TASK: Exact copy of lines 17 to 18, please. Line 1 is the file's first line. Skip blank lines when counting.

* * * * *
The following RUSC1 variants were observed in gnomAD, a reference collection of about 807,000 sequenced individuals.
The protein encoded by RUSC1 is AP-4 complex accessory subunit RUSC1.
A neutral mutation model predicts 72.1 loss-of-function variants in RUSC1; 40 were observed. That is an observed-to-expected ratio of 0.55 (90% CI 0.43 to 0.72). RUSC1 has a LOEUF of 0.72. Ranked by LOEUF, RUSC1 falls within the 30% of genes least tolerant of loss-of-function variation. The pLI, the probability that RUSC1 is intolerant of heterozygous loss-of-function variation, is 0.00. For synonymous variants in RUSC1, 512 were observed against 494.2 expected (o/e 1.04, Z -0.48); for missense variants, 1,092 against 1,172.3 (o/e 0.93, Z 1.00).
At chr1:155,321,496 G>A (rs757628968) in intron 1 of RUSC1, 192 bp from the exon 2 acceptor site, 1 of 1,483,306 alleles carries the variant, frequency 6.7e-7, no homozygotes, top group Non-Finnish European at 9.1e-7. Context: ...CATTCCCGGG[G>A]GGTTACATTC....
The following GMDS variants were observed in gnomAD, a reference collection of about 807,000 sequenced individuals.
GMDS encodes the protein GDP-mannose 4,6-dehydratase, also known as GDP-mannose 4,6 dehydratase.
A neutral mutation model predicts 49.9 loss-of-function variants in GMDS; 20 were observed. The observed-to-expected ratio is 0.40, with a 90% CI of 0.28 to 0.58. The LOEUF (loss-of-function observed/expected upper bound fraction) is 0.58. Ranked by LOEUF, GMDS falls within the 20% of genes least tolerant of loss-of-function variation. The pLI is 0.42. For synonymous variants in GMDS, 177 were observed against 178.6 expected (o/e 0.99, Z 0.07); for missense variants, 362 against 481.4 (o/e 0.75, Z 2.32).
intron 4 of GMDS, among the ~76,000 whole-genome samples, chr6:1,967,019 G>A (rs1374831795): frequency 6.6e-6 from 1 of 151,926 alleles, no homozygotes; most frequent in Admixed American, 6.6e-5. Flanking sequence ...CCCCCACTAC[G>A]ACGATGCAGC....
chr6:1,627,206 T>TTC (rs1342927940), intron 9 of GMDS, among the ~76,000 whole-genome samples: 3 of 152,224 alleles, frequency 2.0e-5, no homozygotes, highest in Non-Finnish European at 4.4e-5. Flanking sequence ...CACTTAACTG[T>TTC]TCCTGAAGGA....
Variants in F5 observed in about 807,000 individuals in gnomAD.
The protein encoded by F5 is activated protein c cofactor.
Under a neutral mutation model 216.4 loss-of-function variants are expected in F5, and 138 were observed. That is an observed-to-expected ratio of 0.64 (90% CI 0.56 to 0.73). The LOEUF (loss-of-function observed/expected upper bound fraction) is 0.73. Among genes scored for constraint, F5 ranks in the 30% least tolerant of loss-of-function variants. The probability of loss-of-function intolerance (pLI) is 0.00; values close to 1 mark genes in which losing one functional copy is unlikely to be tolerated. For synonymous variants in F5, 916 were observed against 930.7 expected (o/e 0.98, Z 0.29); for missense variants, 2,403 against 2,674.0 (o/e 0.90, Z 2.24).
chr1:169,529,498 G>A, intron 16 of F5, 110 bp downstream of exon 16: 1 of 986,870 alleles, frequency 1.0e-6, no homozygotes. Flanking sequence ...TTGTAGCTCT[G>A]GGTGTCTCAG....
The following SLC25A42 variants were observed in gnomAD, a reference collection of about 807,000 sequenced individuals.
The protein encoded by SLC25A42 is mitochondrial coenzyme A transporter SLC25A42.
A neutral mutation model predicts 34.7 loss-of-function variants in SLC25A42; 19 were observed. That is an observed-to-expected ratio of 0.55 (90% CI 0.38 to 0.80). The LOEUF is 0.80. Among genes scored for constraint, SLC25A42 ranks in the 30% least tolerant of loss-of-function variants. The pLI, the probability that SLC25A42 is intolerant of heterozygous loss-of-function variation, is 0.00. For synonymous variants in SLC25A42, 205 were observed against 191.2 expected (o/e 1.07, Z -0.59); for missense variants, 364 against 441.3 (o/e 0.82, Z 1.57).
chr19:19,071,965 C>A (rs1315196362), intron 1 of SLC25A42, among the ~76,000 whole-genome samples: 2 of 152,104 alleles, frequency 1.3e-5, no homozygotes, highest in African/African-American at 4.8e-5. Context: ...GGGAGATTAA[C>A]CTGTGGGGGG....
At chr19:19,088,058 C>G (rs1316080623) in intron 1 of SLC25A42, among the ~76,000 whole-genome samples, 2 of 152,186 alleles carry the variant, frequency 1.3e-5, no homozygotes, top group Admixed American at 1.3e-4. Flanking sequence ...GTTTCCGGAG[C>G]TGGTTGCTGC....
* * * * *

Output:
chr19:19,071,965 C>A (rs1315196362), intron 1 of SLC25A42, among the ~76,000 whole-genome samples: 2 of 152,104 alleles, frequency 1.3e-5, no homozygotes, highest in African/African-American at 4.8e-5. Context: ...GGGAGATTAA[C>A]CTGTGGGGGG....
At chr19:19,088,058 C>G (rs1316080623) in intron 1 of SLC25A42, among the ~76,000 whole-genome samples, 2 of 152,186 alleles carry the variant, frequency 1.3e-5, no homozygotes, top group Admixed American at 1.3e-4. Flanking sequence ...GTTTCCGGAG[C>G]TGGTTGCTGC....